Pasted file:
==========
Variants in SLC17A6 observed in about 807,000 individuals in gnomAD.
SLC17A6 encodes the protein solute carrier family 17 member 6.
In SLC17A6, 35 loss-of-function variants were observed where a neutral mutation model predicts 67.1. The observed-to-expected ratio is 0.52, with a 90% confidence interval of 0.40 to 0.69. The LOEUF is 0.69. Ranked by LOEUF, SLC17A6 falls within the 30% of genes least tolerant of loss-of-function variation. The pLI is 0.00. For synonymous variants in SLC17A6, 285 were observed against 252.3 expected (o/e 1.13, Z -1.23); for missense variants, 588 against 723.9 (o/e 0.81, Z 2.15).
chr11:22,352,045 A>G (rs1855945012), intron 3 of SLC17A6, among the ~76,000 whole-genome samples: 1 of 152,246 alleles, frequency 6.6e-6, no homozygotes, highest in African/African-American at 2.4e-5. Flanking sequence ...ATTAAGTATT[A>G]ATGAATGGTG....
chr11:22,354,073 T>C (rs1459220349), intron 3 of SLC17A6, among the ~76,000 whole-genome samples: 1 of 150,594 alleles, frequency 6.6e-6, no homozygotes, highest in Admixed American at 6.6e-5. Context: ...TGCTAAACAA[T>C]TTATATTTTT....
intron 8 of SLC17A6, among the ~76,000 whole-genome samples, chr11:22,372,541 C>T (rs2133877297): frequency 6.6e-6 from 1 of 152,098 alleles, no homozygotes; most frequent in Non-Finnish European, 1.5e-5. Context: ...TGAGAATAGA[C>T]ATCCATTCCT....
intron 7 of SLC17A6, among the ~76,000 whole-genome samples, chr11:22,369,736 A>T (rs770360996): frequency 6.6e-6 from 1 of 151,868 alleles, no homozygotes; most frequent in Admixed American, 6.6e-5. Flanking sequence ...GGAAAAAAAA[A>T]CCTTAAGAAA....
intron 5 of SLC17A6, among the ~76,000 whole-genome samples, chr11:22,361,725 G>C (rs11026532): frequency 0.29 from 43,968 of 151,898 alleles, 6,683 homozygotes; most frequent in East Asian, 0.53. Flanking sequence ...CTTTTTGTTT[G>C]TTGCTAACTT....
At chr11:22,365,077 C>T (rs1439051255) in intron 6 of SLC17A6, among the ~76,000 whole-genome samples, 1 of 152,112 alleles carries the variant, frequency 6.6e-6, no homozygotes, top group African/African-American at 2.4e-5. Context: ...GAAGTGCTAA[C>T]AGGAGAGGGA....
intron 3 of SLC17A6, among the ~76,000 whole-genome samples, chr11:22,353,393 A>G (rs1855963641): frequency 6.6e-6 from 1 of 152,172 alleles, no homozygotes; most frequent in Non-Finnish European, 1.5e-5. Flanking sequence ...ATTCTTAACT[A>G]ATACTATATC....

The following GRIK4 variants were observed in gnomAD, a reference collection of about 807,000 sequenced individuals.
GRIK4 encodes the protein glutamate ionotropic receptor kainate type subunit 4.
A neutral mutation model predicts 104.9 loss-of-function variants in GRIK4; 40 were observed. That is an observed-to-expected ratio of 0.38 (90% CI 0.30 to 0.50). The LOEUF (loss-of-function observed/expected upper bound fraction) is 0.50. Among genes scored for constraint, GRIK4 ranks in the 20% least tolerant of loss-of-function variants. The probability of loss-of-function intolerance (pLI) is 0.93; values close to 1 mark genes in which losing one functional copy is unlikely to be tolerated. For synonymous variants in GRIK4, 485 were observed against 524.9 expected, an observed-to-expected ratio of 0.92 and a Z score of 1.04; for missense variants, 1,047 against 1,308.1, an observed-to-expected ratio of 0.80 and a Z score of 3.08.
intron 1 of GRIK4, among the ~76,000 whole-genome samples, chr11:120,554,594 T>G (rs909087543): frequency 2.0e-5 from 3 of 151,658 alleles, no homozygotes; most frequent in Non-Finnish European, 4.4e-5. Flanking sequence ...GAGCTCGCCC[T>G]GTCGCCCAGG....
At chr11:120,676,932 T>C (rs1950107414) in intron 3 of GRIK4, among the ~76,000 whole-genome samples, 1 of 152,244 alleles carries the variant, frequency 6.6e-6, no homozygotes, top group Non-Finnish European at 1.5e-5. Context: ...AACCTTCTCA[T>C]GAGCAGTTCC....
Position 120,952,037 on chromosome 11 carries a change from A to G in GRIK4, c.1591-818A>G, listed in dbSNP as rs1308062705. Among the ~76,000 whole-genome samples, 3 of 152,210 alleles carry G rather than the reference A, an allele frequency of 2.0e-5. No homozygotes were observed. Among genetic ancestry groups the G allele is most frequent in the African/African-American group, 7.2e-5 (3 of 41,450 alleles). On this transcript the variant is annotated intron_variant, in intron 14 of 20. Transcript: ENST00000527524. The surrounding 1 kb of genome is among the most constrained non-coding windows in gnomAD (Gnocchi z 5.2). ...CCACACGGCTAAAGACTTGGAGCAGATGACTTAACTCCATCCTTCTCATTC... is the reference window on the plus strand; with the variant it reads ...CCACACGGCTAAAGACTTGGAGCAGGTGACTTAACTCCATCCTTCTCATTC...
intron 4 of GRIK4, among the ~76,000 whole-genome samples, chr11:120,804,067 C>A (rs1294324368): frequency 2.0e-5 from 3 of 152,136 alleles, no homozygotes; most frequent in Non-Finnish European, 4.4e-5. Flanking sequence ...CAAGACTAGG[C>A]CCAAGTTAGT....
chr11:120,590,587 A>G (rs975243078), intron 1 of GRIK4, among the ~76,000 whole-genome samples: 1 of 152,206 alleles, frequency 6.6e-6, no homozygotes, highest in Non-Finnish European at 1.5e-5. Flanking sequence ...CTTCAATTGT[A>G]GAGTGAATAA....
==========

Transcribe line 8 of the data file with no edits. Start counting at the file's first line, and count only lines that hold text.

intron 5 of SLC17A6, among the ~76,000 whole-genome samples, chr11:22,361,725 G>C (rs11026532): frequency 0.29 from 43,968 of 151,898 alleles, 6,683 homozygotes; most frequent in East Asian, 0.53. Flanking sequence ...CTTTTTGTTT[G>C]TTGCTAACTT....